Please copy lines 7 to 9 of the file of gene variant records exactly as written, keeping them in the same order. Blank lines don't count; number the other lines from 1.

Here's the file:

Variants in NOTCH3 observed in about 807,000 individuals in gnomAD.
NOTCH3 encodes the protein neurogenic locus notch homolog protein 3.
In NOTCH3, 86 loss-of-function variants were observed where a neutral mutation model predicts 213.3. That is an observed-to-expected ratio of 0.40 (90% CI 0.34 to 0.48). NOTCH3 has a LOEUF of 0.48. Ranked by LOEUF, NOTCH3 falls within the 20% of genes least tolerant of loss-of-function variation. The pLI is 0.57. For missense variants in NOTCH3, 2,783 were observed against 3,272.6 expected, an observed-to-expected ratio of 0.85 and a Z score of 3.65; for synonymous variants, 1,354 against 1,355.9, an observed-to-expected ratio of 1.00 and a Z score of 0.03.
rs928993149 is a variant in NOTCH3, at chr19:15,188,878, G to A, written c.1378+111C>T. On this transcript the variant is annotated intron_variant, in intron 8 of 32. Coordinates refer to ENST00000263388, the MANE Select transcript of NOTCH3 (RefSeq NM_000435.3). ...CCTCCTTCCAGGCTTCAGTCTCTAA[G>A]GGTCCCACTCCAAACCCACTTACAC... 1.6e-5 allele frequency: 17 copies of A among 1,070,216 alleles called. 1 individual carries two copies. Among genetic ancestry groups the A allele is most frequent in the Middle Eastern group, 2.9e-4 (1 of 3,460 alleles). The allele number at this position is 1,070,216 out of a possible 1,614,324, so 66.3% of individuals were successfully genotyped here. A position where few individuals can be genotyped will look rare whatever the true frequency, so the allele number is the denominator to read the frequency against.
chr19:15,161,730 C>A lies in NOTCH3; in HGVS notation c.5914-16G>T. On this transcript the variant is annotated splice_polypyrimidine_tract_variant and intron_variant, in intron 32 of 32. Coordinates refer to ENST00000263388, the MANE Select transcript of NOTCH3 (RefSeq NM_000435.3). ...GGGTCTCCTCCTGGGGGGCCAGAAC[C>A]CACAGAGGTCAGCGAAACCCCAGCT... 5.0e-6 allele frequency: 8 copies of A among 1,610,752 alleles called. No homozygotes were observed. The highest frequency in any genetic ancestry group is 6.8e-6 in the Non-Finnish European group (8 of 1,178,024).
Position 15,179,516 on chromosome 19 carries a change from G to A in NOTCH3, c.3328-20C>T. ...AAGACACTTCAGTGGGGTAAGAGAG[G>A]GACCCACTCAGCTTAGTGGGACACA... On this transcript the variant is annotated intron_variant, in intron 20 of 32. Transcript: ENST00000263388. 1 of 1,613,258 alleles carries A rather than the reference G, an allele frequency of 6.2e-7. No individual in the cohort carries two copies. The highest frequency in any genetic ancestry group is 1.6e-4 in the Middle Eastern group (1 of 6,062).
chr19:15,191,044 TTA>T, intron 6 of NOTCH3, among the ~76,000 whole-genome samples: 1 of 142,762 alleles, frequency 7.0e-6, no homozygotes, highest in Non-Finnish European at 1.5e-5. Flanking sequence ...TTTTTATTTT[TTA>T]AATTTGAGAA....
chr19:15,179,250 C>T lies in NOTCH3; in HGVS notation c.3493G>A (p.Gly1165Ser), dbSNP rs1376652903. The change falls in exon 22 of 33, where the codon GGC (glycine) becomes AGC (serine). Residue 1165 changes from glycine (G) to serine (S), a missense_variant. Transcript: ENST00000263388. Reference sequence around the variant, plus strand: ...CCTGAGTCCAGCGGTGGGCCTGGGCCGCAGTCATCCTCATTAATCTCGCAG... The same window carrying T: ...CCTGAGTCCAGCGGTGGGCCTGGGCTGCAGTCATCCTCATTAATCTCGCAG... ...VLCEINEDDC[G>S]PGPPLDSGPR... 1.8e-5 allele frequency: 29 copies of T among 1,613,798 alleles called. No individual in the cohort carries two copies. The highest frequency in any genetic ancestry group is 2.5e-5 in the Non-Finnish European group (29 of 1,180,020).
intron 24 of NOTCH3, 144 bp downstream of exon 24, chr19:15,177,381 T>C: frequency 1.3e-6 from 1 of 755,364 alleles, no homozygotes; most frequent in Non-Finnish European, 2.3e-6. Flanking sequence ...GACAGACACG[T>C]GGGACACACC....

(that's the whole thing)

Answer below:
chr19:15,191,044 TTA>T, intron 6 of NOTCH3, among the ~76,000 whole-genome samples: 1 of 142,762 alleles, frequency 7.0e-6, no homozygotes, highest in Non-Finnish European at 1.5e-5. Flanking sequence ...TTTTTATTTT[TTA>T]AATTTGAGAA....
chr19:15,179,250 C>T lies in NOTCH3; in HGVS notation c.3493G>A (p.Gly1165Ser), dbSNP rs1376652903. The change falls in exon 22 of 33, where the codon GGC (glycine) becomes AGC (serine). Residue 1165 changes from glycine (G) to serine (S), a missense_variant. Transcript: ENST00000263388. Reference sequence around the variant, plus strand: ...CCTGAGTCCAGCGGTGGGCCTGGGCCGCAGTCATCCTCATTAATCTCGCAG... The same window carrying T: ...CCTGAGTCCAGCGGTGGGCCTGGGCTGCAGTCATCCTCATTAATCTCGCAG... ...VLCEINEDDC[G>S]PGPPLDSGPR... 1.8e-5 allele frequency: 29 copies of T among 1,613,798 alleles called. No individual in the cohort carries two copies. The highest frequency in any genetic ancestry group is 2.5e-5 in the Non-Finnish European group (29 of 1,180,020).
intron 24 of NOTCH3, 144 bp downstream of exon 24, chr19:15,177,381 T>C: frequency 1.3e-6 from 1 of 755,364 alleles, no homozygotes; most frequent in Non-Finnish European, 2.3e-6. Flanking sequence ...GACAGACACG[T>C]GGGACACACC....